India MPs in parliament uproar over Walmart lobbying

  • Published
India protest against Walmart in August 2012
Image caption,
Critics say opening India's retail sector to global supermarket chains will hurt India's poor

Angry opposition MPs have protested in India's parliament after reports that the global retail giant Walmart has been lobbying with the US lawmakers to facilitate its entry into India.

The firm disclosed that it spent $25m (£16m) on lobbying, including on issues related to "enhanced market access for investment in India".

The upper house has been adjourned twice on the issue since the morning.

Last week, MPs voted to open the retail sector to foreign competition.

On Monday, the main opposition Bharatiya Janata Party (BJP) demanded a probe into reports about Walmart's lobbying.

Senior party leader Ravi Shankar Prasad said fears were expressed earlier too about Walmart spending huge money to lobby for entering the Indian market, which has now been proved true, reports the Press Trust of India.

"Walmart has in its lobbying disclosure report to the US Senate said it has spent $25m on lobbying and $3 million have been spent in 2012 itself for entering the Indian market," PTI quoted him as saying.

"Lobbying is illegal in India. Lobbying is a kind of bribe. If Walmart has said that hundreds of crores (tens of millions) of rupees were spent in India, then it is a kind of bribe.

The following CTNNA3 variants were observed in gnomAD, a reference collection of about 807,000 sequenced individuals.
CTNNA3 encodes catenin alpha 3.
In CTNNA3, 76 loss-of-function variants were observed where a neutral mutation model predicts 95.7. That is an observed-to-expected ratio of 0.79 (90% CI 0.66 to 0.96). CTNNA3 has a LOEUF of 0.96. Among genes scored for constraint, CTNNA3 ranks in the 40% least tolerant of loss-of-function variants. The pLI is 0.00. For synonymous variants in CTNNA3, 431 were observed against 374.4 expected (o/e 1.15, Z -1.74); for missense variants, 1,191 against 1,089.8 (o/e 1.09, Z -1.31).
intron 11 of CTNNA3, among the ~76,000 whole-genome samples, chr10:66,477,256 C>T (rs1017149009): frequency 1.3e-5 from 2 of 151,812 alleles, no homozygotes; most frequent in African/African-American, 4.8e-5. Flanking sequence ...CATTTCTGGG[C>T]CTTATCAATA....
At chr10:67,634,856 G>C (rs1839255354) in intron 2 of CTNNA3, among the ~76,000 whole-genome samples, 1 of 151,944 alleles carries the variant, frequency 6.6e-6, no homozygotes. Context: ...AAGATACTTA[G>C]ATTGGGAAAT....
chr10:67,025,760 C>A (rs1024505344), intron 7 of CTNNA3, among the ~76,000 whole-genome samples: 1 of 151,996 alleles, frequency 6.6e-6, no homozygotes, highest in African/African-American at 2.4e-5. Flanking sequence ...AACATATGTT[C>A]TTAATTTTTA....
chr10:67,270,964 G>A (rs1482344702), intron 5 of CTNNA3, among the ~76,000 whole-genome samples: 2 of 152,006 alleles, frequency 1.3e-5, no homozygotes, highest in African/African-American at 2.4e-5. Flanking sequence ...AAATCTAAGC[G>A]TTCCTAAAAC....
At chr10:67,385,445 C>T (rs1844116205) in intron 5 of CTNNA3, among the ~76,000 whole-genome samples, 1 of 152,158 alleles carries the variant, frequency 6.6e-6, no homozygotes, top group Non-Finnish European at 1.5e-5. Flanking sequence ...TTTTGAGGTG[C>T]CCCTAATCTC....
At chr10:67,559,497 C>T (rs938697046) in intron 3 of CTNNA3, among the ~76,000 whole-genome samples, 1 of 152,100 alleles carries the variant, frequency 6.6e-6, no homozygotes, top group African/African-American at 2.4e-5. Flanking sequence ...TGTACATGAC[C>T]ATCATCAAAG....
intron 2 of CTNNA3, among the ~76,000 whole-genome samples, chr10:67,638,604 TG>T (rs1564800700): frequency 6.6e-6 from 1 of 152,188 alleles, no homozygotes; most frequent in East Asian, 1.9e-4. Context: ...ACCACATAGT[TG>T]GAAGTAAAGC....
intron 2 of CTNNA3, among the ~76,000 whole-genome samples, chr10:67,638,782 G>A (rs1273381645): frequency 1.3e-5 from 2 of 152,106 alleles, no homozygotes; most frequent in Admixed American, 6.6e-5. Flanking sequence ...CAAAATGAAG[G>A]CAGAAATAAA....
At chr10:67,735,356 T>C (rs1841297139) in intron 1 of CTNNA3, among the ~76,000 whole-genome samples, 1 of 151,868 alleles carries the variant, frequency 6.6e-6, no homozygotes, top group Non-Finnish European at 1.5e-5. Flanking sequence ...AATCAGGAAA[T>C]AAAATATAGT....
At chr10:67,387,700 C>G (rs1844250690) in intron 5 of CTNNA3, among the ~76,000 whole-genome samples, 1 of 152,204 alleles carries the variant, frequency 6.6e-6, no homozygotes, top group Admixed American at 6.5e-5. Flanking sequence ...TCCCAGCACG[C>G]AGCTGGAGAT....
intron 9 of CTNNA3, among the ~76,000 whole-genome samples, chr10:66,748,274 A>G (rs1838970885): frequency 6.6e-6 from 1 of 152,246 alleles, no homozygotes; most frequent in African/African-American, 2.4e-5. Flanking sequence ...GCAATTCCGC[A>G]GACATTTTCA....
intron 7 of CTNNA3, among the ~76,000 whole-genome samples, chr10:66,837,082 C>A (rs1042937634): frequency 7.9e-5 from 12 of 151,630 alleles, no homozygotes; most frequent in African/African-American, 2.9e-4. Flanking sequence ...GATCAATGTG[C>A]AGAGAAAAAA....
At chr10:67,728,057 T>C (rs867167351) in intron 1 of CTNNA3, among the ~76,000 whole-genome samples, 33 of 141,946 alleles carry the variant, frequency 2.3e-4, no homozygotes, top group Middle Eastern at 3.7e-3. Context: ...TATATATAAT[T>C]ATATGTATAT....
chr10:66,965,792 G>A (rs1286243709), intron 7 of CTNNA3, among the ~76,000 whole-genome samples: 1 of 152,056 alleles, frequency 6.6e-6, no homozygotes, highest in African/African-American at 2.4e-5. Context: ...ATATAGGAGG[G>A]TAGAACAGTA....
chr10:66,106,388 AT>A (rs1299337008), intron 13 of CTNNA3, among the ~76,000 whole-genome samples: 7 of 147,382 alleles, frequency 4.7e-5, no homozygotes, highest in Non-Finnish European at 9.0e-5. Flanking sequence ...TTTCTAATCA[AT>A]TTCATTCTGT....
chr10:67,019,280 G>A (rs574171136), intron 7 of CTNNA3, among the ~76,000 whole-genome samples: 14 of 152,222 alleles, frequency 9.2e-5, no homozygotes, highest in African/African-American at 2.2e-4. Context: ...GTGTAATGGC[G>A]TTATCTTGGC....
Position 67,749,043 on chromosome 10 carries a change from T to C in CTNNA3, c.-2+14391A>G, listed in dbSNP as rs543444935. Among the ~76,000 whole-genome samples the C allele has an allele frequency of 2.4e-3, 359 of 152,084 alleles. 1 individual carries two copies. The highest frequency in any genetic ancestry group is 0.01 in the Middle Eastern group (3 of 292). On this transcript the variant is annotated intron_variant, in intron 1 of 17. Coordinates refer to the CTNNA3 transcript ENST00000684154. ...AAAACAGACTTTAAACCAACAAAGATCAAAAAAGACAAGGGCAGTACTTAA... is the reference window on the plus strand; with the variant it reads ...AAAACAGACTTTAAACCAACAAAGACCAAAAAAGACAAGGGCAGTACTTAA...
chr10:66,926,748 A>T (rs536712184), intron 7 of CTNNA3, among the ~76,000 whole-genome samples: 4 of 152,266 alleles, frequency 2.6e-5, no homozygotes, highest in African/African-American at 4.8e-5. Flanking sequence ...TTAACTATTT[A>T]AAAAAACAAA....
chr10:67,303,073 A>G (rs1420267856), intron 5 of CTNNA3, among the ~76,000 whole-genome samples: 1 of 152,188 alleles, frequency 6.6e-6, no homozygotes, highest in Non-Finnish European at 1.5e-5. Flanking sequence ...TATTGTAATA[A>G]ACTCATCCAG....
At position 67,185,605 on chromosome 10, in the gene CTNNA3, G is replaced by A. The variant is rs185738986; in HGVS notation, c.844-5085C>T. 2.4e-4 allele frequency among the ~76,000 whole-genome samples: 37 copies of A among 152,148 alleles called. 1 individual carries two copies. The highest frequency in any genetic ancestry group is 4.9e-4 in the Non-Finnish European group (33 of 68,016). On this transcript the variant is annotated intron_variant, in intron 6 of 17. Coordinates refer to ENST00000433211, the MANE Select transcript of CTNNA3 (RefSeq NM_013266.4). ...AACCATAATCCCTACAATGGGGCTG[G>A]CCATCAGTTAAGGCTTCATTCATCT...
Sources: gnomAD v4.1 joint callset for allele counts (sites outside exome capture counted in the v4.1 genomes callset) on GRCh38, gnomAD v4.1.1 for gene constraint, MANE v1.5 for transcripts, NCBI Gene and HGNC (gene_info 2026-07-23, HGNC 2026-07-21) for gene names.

"Government should tell who was given this bribe. This raises a question mark on the implementation of FDI in retail," Mr Prasad said.

Several other opposition MPs also called for an "independent inquiry" into reports about Walmart's lobbying.

The decision by India's government to allow 51% foreign direct investment (FDI) was approved by the Lok Sabha (lower house) on 5 December and the Rajya Sabha (upper house) on 7 December.

Opposition parties, led by the Bharatiya Janata Party (BJP), oppose the government's decision.

The move has also been strongly opposed by tens of thousands of small businesses and corner shops who fear they would be put out of business.

But the government and business leaders argue that it will boost the economy and transform the way Indians shop.

The win in the parliament is expected to help the government push ahead with further economic reforms to bolster India's slowing economy.

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